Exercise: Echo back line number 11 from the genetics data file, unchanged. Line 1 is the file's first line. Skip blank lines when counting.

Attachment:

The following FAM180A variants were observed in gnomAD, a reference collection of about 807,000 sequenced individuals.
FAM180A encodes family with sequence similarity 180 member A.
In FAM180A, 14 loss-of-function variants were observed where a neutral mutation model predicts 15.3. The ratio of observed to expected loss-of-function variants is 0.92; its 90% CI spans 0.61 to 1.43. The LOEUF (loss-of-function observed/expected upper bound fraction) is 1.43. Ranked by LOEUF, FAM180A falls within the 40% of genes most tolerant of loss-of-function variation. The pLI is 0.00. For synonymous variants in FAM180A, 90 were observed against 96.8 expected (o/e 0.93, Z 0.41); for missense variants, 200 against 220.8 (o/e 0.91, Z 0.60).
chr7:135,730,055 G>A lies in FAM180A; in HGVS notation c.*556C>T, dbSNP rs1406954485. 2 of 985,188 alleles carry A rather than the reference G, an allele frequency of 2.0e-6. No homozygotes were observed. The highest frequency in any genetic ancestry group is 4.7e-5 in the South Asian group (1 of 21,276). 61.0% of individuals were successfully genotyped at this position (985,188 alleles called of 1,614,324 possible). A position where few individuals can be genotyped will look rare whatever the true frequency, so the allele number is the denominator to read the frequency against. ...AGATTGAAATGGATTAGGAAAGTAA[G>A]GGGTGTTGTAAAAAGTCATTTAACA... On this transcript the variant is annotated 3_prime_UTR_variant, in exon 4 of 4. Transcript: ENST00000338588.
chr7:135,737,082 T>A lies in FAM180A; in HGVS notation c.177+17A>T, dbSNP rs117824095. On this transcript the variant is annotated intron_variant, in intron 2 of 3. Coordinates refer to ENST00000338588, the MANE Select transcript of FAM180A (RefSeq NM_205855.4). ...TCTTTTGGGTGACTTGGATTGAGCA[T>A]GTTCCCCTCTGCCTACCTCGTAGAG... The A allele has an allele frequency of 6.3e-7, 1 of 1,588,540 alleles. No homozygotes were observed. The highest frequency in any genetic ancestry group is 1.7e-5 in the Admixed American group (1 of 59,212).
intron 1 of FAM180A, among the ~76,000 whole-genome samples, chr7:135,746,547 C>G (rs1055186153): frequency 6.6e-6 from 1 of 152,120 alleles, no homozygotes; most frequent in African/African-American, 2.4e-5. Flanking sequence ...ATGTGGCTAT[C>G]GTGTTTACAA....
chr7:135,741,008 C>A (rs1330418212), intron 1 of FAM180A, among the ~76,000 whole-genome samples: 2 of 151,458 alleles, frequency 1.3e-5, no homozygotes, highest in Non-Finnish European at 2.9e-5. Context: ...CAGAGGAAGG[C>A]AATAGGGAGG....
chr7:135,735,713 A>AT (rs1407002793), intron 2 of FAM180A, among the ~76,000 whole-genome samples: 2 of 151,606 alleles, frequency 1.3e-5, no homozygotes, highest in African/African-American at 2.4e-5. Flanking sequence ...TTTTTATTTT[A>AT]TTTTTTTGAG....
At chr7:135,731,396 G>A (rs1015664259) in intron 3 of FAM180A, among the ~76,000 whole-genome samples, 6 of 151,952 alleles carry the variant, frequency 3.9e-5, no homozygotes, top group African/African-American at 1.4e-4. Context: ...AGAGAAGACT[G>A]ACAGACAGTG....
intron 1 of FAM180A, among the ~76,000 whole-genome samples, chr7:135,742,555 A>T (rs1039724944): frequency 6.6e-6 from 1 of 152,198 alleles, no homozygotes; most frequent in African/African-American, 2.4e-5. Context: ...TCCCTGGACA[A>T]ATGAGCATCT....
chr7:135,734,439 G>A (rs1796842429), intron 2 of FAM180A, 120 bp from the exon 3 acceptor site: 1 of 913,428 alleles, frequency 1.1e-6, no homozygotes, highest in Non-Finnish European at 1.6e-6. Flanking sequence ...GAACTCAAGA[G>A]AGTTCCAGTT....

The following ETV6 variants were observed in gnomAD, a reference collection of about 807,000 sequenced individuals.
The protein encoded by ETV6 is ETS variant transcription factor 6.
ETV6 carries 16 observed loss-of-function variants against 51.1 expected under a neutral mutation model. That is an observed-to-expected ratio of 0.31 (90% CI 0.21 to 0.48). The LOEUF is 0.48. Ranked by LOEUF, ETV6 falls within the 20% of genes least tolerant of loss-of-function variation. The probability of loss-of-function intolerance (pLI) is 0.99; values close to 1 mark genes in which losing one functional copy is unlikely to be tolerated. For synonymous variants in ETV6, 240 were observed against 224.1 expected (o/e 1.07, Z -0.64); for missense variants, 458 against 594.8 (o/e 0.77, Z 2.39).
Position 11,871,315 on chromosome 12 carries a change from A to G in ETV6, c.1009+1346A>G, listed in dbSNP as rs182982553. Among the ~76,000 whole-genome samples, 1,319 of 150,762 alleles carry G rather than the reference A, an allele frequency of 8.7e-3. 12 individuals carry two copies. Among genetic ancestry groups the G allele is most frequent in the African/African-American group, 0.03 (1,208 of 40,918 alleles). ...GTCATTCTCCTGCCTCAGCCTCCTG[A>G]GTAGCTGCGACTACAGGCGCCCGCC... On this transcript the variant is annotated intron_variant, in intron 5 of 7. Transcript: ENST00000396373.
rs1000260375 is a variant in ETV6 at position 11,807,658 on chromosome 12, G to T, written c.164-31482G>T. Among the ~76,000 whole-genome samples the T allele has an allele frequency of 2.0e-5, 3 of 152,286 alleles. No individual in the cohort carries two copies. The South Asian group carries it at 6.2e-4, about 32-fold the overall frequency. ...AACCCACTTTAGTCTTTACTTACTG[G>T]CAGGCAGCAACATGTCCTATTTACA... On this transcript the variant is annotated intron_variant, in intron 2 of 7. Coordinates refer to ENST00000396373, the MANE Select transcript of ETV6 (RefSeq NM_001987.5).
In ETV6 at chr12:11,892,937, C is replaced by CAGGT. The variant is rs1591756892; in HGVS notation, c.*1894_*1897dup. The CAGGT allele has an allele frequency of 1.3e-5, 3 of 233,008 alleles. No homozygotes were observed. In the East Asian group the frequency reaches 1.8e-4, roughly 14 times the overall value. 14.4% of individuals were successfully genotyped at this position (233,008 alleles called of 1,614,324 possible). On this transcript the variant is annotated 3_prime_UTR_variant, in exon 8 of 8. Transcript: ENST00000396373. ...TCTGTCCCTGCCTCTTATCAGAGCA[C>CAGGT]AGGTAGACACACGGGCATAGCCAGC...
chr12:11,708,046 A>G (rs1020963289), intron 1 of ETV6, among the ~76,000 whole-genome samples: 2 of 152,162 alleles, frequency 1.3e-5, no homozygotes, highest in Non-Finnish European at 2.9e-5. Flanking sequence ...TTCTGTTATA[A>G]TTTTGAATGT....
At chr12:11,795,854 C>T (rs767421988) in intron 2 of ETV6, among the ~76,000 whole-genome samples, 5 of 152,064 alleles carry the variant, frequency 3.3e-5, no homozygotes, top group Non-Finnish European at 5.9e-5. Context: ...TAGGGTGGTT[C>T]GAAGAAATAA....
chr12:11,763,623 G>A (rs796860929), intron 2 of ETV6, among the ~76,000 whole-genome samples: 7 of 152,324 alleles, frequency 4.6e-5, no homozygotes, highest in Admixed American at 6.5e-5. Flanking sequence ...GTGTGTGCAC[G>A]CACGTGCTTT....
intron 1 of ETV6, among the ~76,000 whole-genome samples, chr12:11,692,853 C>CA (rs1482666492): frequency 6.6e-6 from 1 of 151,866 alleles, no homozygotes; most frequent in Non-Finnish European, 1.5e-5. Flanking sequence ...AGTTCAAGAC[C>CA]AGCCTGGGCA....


chr7:135,734,439 G>A (rs1796842429), intron 2 of FAM180A, 120 bp from the exon 3 acceptor site: 1 of 913,428 alleles, frequency 1.1e-6, no homozygotes, highest in Non-Finnish European at 1.6e-6. Flanking sequence ...GAACTCAAGA[G>A]AGTTCCAGTT....